First up, some Darcy love!

Bridget Jones: The Edge of Reason

When we got up to his bedroom noticed a little pile of books beside his bed. “What are these?” I said, not believing my eyes. “How to Love and Lose but Keep Your Self-Esteem? How to Win Back the Woman You Love? What Women Want? Mars and Venus on a Date?”

“Oh,” he said sheepishly.

“You bastard!” I said. “I threw all mine away.” Fistfight broke out again, then one thing led to another…

Throughout the book, Mark makes it clear just how little he thinks of self-help books and Bridget’s religious-like devotion to them. That’s why it’s so incredibly sweet, funny, and sexy that he resorts to reading a whole stash of them in his desire to get Bridget back.

Circle of Friends

‘Fonsie should be canonized,” Benny said to Clodagh.

‘Yes, I can see his statue in all the churches. Maybe they’d even make this a special place of pilgrimage for him. We’d outsell Lourdes.’

‘I mean it’ Benny said.

‘Don’t you think I don’t know?’ A rare look of softness came into Clodagh’s face.

My two favorite characters in Circle of Friends are Clodagh and Fonsie. Trendsetters and misfits with good natures. Clodagh is so tough and stoic that the affection she shows towards Fonsie with that one line tugs at my heart.

Over at YA Highway, this week’s road trip asked readers what their favorite display of affection in a YA book was.

Because I’m indecisive (at least when it comes to books), I’m going to list two–one from Going Bovine by Libba Bray and and one from The Princess Bride by William Goldman (even though I do not, personally, classify it as YA).

These may be slightly spoilerish. You have been warned.

Going Bovine

“Dulcie?” I call. Already, I miss the feel of her skin against mine.

The sheets are a rumpled mess. I slept hard. On the pillow is one pink-tinged feather. It smells like rain and laughter and the unexpected. It smells like Dulcie. There’s no note on it this time. No secret code. I don’t need it. My jeans are on the floor; I slip the feather into my back pocket for safekeeping.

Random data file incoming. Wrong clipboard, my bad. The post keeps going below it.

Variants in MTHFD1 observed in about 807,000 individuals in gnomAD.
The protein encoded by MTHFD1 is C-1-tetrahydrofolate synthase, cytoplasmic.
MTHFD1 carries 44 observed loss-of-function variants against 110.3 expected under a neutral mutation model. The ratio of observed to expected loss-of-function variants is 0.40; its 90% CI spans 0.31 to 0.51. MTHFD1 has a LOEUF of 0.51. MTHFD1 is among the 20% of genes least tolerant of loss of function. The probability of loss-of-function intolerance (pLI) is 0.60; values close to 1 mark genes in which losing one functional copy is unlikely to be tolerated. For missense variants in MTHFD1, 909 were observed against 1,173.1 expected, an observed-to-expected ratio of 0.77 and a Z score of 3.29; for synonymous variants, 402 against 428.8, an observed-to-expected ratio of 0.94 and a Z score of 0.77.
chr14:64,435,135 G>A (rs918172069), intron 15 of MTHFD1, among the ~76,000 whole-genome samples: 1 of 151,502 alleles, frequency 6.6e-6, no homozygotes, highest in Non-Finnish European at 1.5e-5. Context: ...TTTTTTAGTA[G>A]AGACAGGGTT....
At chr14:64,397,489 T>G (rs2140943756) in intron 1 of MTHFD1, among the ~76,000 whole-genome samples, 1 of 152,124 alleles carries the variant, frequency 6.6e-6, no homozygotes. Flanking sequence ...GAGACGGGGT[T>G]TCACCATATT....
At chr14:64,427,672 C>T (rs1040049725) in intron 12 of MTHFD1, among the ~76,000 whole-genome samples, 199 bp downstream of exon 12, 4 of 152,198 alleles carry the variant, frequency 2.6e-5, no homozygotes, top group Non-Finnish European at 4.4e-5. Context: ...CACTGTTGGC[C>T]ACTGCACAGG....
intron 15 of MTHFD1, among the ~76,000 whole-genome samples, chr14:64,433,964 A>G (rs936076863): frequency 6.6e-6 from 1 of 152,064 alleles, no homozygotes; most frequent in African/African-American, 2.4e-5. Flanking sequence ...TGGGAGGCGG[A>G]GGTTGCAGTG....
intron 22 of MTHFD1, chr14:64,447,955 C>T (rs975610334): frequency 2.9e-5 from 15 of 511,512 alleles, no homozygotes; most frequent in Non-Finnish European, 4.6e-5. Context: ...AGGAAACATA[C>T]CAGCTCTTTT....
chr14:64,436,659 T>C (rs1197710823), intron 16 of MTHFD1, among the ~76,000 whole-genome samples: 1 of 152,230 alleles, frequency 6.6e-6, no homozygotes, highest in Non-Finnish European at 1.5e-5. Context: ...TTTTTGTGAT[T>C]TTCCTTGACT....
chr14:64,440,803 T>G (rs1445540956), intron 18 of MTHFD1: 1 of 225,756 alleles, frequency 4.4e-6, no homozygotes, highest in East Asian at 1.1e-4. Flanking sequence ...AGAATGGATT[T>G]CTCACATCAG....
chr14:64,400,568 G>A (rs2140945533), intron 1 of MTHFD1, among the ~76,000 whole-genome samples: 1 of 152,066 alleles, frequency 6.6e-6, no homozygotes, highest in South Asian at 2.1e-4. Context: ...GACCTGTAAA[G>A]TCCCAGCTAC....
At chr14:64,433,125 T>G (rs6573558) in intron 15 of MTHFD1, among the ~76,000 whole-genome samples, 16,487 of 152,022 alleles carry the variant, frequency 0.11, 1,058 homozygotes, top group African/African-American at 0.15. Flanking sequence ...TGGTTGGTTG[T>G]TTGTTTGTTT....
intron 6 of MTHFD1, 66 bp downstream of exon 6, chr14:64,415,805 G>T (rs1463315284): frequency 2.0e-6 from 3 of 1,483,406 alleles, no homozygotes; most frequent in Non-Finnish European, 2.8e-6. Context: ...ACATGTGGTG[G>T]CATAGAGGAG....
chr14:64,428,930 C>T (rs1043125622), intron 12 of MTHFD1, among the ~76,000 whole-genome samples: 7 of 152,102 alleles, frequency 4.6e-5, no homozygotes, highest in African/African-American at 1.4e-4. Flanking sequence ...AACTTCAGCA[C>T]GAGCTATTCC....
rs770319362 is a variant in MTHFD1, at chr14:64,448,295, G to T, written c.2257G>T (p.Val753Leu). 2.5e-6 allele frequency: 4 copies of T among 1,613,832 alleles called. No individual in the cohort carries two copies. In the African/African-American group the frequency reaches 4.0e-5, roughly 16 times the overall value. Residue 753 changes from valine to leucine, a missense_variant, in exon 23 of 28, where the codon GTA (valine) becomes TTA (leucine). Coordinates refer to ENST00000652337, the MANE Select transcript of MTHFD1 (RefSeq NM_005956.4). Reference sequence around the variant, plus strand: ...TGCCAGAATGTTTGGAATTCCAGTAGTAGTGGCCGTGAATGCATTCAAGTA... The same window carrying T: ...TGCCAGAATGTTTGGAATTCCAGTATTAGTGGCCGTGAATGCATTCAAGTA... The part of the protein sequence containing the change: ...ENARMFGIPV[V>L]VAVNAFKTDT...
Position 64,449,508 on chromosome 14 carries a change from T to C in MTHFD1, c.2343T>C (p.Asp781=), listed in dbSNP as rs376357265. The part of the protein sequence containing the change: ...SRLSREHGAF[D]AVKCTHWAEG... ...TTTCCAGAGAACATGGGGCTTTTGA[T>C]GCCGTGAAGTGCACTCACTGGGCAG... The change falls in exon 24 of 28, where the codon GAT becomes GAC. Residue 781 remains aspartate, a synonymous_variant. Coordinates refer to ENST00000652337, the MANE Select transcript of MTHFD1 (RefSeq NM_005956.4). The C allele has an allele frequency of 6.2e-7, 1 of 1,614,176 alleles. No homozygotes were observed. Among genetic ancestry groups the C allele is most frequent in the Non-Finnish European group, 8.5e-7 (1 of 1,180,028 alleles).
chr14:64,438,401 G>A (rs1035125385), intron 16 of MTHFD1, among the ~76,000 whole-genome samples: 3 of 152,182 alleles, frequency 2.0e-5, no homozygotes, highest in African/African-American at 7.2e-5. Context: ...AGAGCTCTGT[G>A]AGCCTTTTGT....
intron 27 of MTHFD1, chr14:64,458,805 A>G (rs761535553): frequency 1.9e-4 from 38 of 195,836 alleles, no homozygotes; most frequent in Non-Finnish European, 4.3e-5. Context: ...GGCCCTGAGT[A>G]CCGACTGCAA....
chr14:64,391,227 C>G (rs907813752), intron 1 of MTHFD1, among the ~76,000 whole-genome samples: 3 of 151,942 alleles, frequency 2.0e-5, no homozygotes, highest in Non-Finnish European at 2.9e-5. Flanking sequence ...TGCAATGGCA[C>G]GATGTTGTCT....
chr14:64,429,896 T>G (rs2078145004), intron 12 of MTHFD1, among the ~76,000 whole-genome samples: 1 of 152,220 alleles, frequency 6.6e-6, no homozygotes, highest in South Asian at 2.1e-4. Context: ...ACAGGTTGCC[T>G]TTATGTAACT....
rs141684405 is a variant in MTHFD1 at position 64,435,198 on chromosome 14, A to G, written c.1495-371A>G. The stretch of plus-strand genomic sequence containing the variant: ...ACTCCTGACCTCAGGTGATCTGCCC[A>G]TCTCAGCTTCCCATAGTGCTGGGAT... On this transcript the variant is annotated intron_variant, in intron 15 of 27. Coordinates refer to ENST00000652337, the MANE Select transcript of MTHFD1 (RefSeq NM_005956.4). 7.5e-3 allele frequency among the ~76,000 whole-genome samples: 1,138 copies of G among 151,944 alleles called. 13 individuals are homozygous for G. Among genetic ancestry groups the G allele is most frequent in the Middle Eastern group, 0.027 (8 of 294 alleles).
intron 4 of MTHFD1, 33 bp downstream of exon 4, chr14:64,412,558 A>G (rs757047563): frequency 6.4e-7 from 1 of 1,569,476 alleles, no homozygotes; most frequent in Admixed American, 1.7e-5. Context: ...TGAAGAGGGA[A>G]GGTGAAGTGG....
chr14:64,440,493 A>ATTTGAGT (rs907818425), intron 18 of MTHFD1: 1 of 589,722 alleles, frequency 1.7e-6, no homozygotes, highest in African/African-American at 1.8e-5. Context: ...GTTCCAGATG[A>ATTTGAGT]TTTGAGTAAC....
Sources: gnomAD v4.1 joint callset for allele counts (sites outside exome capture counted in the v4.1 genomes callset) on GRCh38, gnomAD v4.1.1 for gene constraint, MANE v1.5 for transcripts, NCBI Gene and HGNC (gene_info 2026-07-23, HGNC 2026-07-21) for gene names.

Dulcie is one of my favorite characters in recent years. In fact, she’s the reason I bought Going Bovine. I was flipping through it at the bookstore, stumbled upon a Dulcie scene, and was immediately taken with the idea of a punk angel.

What I love about this scene is how intimate and sentimental a gesture it is. It’s so very far removed from the Cameron we got to know in the first half of the book.

The Princess Bride

With no more words, she whirled into his arms, then, saying, “Oh Westley, I didn’t mean that, I didn’t, I didn’t, not a single syllabub of it.”

Now Westley knew she meant to say “not a single syllable of it,” because a syllabub was something you ate, with cream and wine mixed in to form the base. But he also knew an apology when he heard one. So he held her very close, and shut his loving eyes, and only whispered, “I knew it was false, believe me, every single syllabub.”

And if you don’t know why I adore that little snip, there’s really nothing I can do to explain it.

Other titles in the unpublished spoof series:

Agents Just Aren’t That Into You: The No Excuses Truth to Understanding Form Rejections

Agents are from Mars — Unfortunately, You’re From a Whole Other Galaxy

The Secret (There Really Isn’t One)

Blink (No, Your Inbox did Not Refresh)